Canadians' holiday spending plans – notably on the travel front – are up for a third straight year, according to a new survey.
Meanwhile, three in four consumers intend to go online to buy gifts this holiday season, says a separate poll.
Canadians anticipate total spending on average of $1,810 this holiday period, up 12 per cent from $1,610 last year, a survey by Bank of Montreal found.
Anticipated spending on travel increased 22 per cent to $689, according to the study, but gift-buying is up only slightly – to $678 from $674.
Four in ten – 41 per cent of those surveyed – said they start their holiday shopping in November, while 33 per cent begin earlier and 23 per cent wait until December.
When it comes to gift-giving, those in Quebec appear to be the most frugal, with plans to spend an average of only $433, compared with $873 in Ontario, $759 in the Atlantic provinces, $708 in Alberta, $635 in Manitoba and Saskatchewan, and $520 in British Columbia.
On trips, too, Quebeckers plan to shell out the least – $379 – compared with $849 in Alberta, $838 in Ontario, $816 in B.C., $581 in the Atlantic region, and $539 in Manitoba/Saskatchewan.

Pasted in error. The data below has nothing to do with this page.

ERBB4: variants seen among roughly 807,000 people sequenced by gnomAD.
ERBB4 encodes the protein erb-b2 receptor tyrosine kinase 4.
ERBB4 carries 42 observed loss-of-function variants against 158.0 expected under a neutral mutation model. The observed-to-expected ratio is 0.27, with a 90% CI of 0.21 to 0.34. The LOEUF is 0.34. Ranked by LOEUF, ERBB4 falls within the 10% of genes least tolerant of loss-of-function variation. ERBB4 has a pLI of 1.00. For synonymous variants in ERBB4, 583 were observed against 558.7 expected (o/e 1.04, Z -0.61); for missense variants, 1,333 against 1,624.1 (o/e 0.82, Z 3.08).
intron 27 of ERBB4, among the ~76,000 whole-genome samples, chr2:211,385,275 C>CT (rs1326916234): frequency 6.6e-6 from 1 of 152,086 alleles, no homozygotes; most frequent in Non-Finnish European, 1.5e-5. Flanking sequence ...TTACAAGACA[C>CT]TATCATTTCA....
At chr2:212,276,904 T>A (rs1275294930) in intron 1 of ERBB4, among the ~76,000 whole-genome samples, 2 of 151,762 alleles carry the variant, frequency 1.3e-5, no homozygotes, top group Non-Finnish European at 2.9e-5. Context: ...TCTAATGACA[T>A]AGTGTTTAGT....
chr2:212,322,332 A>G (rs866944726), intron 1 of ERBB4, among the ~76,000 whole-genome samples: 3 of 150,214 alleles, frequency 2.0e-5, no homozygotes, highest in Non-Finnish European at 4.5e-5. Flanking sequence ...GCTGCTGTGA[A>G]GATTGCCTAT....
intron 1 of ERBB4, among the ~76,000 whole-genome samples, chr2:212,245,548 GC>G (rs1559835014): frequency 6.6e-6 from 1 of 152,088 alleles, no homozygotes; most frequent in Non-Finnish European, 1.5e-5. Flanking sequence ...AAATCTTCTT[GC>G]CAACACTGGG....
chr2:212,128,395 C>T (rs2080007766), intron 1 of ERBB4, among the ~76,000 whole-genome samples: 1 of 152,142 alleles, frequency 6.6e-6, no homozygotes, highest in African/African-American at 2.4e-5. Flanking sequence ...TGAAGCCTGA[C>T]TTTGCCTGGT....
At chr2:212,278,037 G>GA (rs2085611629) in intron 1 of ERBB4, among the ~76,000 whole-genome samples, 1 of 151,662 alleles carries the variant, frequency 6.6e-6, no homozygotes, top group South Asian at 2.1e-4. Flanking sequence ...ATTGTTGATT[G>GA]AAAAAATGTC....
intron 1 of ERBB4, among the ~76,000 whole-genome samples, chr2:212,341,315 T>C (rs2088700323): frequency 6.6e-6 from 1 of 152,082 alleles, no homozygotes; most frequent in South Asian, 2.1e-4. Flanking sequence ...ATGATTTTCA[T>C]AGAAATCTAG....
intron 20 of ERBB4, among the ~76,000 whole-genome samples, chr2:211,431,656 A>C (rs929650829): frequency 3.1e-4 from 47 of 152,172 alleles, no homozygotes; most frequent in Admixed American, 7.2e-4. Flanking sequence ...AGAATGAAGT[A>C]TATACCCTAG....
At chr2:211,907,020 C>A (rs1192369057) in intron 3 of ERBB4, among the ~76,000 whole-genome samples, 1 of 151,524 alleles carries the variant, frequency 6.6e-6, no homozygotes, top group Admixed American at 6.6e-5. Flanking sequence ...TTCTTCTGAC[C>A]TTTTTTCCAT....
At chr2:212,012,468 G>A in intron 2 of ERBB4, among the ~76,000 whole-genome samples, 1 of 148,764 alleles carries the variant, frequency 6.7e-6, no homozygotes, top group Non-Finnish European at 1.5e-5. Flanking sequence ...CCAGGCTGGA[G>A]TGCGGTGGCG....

In a separate survey for Visa Canada, three in four of those polled said they plan to shop online for gifts this year.
Close to 50 per cent of those polled said they expect to spend between $100 and $499 online, with 16 per cent planning to spend more than that.
On average, Canadians surveyed say they will spend about 30 per cent of their holiday shopping budget on purchases made online.
The majority – 78 per cent – say they plan to pay using credit.
The BMO survey was conducted by Pollara and the results were compiled from a random sample of 1,215 Canadians aged 18 or over, conducted between Oct. 11 and Oct. 16, 2013. A probability sample of this size would yield results accurate to plus or minus 2.8 per cent, 19 times out of 20.
The Visa poll, also by Pollara, used an online sample of 1,001 Canadians, surveyed between Oct. 28 and Oct. 30, 2013. The margin of error for a probability sample of this size is plus or minus 3.1 per cent, 19 times out of 20.